The principal swing states, Florida, Ohio, and Pennsylvania, are necessary wins for presidential candidates, as no candidate has won the White House since 1960 without taking at least two of the three.
Therefore, Quinnipiac polled all of them to determine each party’s front-runner in the presidential election.
In Pennsylvania, as in the rest of the nation, one primary is up in the air while the other is far from competitive.
Pennsylvania has a new GOP presidential front-runner.
Last March, Wisconsin Gov. Scott Walker held the advantage but now Florida Sen. Marco Rubio finds himself in the lead with 12%.
Kentucky Sen. Rand Paul finished second (11%) followed by former Florida Gov. Jeb Bush (10%) and neurosurgeon Ben Carson (10%). Walker dropped to 9% while Rick Santorum could only muster 7% in his home state.
The race remains wide open with 13% responding that they still don’t know who they’ll support.
“With so many Republican candidates, there is no clear leader in these key swing states in the race for the 2016 presidential nomination,” reported Peter A. Brown, assistant director of the Quinnipiac Poll.
When broken down by demographics, there were large gender gaps for several of the candidates but not for Rubio, who received 12% each from men and women.
Meanwhile, candidates like Jeb Bush and Ben Carson received much more support from women than men (16/4 and 13/7 splits respectively).
On the other hand, Rand Paul and Scott Walker did much better among male respondents than females (17/4 and 12/6 splits respectively).
Rubio additionally recorded the best favorable/unfavorable numbers (57/5), although Carson (53/5) and Walker (52/7) also had impressive showings.
“The favorability rating and combined first and second choice numbers show that in this crowded pack of candidates Sen. Rubio is making strong inroads with Republican voters and probably is the candidate who should be most heartened by the results of this poll,” said Brown.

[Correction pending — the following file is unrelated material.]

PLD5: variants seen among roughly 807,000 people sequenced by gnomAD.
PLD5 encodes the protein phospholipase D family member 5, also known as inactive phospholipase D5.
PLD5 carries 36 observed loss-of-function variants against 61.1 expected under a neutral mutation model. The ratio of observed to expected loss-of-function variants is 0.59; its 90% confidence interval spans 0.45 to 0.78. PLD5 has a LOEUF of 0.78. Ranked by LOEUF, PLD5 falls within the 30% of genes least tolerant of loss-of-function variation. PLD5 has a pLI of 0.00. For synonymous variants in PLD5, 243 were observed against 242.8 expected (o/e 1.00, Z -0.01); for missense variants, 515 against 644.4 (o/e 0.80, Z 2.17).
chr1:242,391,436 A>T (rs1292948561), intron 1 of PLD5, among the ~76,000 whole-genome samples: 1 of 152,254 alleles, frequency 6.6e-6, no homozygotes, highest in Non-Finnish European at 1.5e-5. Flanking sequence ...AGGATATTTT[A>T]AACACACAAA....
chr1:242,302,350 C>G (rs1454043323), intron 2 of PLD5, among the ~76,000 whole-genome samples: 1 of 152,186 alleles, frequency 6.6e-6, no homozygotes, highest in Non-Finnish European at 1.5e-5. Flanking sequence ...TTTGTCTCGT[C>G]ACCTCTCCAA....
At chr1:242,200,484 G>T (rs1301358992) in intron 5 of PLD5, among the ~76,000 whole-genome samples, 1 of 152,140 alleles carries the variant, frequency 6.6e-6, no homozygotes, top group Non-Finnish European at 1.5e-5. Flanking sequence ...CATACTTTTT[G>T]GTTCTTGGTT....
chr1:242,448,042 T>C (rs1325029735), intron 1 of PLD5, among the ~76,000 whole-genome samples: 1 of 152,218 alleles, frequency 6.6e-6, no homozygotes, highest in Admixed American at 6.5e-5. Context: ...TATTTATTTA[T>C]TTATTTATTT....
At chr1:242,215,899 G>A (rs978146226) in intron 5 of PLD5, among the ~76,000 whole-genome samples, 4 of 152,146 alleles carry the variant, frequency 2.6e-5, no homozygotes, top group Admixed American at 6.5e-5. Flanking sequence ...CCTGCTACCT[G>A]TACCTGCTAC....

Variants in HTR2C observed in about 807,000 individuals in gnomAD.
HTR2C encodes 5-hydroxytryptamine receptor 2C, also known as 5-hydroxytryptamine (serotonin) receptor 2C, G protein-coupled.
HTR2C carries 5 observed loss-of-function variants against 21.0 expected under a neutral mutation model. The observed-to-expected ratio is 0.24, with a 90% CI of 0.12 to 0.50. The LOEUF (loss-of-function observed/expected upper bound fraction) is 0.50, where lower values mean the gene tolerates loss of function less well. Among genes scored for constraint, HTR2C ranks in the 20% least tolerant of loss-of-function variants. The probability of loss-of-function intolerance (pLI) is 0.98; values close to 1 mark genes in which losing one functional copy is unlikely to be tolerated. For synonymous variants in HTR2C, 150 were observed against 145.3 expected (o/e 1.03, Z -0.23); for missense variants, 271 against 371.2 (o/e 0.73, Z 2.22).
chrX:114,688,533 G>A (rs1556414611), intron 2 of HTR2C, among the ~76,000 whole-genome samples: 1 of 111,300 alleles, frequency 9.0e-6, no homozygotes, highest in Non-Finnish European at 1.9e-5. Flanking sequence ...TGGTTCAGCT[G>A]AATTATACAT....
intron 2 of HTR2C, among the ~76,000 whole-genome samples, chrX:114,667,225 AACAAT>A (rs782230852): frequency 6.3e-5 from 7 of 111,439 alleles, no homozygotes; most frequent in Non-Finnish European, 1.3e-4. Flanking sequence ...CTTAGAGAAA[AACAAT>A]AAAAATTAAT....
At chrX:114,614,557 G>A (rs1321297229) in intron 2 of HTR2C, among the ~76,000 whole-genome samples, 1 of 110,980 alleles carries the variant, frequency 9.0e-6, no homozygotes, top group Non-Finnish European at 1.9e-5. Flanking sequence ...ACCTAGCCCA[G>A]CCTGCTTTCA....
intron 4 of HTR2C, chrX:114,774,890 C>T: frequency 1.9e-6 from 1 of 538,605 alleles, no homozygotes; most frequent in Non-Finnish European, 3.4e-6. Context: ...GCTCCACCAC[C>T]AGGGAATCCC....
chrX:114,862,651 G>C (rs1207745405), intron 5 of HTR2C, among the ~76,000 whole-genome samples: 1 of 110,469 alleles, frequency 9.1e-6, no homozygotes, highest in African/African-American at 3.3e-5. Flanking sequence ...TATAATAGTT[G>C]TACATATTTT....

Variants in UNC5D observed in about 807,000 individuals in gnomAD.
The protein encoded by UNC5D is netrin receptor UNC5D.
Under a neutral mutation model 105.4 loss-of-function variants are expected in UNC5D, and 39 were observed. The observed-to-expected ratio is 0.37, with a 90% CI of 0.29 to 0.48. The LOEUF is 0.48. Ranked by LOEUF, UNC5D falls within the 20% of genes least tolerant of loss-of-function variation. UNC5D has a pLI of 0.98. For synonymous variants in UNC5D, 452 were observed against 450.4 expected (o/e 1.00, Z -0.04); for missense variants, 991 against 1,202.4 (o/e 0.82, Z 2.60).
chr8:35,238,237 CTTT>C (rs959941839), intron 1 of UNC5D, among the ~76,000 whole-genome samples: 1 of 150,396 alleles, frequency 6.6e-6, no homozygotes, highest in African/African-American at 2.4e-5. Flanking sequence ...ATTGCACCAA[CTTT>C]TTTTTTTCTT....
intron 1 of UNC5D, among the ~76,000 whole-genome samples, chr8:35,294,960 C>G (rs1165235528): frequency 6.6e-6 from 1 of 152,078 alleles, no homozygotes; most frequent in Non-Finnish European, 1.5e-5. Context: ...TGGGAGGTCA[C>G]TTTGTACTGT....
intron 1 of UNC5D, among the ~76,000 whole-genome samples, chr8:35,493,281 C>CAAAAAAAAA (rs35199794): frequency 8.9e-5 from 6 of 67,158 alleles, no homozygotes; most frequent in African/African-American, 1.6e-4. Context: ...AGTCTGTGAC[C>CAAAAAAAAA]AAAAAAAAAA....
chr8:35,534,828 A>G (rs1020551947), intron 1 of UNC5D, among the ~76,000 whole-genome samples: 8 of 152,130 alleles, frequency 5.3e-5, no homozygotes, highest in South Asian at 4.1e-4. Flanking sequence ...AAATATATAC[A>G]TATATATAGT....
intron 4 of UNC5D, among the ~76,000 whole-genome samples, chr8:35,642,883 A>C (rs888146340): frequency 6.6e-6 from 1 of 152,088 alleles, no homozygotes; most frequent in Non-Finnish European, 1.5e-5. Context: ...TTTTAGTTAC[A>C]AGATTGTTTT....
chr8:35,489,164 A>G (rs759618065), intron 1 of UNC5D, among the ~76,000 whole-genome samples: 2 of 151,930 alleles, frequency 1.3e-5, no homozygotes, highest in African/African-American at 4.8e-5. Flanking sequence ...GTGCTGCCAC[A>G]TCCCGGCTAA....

The Democrat contest is a completely different story.
“The race for the Democratic nomination could not be more different. Secretary Clinton is far, far ahead and the criticisms of her and questions about her email and family foundation seem to be having no impact at all on her Democratic supporters,” reported Brown.
“She remains the apple of the Democrats’ eyes and at least at this point has little to worry about from her primary challengers,” he concluded.
Although Vice President Biden is a Pennsylvania native, this proved to be of little help, as Clinton still dominates the Keystone State.
Clinton is favored by 53% of Pennsylvania’s Democrats compared to Biden’s 15%.
This is not very different compared to the April Quinnipiac Poll release, where Clinton still commanded a 48% lead.
Former Virginia Sen. Jim Webb (2%) and former Maryland Gov. Martin O’Malley (1%) are rounding errors, but at least they finished ahead of ex-Rhode Island Governor and Senator Lincoln Chafee, who no one selected.
The Quinnipiac Poll was conducted from June 4th to June 15th. 970 Pennsylvania registered voters were interviewed live through land lines and cell phones. The margin of error is plus or minus 3.2%.